But it wasn't considered "likely" to happen.    

500 year flood plane is based on a 1 in 500 chance of a flood in a year.    Thats not "likely".   It may be an eventuality but its not likely.    

   oh cmon, you have katrina and harvey in just over a decade period.

  

Thats hindsight.

Give the % probability that Corpus Christi, New Orleans, Tampa and Mobile respectively will have a major flood next year.

 

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jerosen said:   
rufflesinc said:   
jerosen said:   
rufflesinc said:   
jerosen said:   
rufflesinc said:   I don't know how you think Katrina and Harvey losses were unexpected. They were on the coast of the gulf of Mexico
  

A lot of the flooded areas around Houston are 10 to 20 miles from the coast.

They are calling Harvey a "500 year flood".      So no, thats not really "expected".

 

a few years back, a friend of ours moved to houston. I told my wife then that its not a good idea due to hurricanes. I expected it.   The fact something is likely to happen but you don't know exactly when doesn't make it not "expected"

  

But it wasn't considered "likely" to happen.    

500 year flood plane is based on a 1 in 500 chance of a flood in a year.    Thats not "likely".   It may be an eventuality but its not likely.    

   oh cmon, you have katrina and harvey in just over a decade period.

  

Thats hindsight.

Give the % probability that Corpus Christi, New Orleans, Tampa and Mobile respectively will have a major flood next year.

 

  Three years ago , I said houston is at risk of hurricane. boom. eat it.

And you'd have to pay me $1MM a year to live in any of those cities. And then I'd live there for a year, living in an studio apt with everything ready to haul ass. 

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I am unsure of the good and bad of the new law OP describes, but it sounds like if the lawyer does not do well, he gets paid less. I like the sound of that.

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You don't have to believe me, remember hurricane rita?

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TravelerMSY said:   I imagine this is going to be another Katrina. Flooding in areas previously thought unlikely to flood, convincing many to go without flood insurance.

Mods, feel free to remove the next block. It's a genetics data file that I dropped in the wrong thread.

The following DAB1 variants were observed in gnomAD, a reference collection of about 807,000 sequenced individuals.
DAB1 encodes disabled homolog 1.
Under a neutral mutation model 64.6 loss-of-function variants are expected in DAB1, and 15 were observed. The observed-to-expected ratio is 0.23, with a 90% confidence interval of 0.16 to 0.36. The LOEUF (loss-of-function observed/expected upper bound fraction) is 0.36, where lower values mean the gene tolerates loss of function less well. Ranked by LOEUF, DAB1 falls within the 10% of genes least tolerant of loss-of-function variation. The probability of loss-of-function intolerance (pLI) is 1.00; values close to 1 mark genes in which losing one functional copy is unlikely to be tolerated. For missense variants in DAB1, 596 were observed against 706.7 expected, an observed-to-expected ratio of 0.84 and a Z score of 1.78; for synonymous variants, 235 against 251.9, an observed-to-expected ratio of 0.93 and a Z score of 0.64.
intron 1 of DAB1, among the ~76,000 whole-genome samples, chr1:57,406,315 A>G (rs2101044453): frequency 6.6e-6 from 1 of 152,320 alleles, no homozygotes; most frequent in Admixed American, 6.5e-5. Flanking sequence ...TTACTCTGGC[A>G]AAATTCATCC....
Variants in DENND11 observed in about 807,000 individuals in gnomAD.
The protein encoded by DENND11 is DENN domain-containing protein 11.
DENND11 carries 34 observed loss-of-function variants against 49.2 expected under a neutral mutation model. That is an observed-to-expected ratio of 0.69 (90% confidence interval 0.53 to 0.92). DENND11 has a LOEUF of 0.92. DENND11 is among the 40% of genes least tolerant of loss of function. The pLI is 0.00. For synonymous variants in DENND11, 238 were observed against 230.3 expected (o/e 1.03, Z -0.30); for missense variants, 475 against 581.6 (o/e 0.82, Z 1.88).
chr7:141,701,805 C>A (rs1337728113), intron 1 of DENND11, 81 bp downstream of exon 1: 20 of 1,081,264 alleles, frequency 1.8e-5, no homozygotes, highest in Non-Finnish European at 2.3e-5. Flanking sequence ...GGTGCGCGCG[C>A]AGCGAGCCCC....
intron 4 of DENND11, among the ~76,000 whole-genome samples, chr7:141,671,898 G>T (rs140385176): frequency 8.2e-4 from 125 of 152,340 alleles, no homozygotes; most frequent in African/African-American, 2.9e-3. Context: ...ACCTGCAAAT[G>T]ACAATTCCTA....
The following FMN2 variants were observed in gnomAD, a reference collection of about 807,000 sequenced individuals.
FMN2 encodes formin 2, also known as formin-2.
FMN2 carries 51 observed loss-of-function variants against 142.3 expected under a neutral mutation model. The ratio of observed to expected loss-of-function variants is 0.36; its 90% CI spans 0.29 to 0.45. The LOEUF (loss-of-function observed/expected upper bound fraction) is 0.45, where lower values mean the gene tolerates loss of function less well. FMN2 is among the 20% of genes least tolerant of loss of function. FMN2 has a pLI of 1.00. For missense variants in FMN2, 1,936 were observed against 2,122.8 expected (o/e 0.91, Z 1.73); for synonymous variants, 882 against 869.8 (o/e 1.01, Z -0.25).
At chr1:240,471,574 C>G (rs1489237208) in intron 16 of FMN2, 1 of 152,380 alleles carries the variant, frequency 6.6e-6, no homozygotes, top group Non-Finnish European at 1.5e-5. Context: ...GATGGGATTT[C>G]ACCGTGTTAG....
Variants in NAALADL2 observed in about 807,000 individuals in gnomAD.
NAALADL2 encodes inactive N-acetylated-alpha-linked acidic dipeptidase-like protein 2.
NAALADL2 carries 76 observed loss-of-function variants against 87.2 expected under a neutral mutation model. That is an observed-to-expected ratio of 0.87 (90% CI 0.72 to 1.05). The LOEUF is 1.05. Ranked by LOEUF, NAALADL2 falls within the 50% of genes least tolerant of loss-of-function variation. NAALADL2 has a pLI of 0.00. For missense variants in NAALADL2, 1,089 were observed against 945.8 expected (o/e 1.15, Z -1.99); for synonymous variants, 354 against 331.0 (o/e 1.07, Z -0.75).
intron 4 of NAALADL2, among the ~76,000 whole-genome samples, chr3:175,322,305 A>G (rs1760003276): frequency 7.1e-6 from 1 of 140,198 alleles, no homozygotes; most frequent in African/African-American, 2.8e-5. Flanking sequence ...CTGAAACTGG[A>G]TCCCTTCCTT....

Does anyone who isn't required to have flood insurance have them just because?

I think TX will recover faster, NO got so much more other issues even before Katrina.

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I donated quite a bit to Katrina recovery, but Texas is on their own. Why the hell would I be sympathic to a state so hostile to anything not 'Texan'?

Chris Christy, while still a tool, is correct to call their senators hypocrites.

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SummerSoFar said:   I donated quite a bit to Katrina recovery, but Texas is on their own. Why the hell would I be sympathic to a state so hostile to anything not 'Texan'?

Chris Christy, while still a tool, is correct to call their senators hypocrites.

  everything's bigger in texas including the schadenfreude

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ZenNUTS said:   
TravelerMSY said:   I imagine this is going to be another Katrina. Flooding in areas previously thought unlikely to flood, convincing many to go without flood insurance.
  Does anyone who isn't required to have flood insurance have them just because?

I think TX will recover faster, NO got so much more other issues even before Katrina.

  

Yes, I do and I know many others who do.

TX will recover faster.  LA is very screwed up (esp NO).
 

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gremln007 said:   
  Interesting, I had thought that flood insurance is partly underwritten by the government.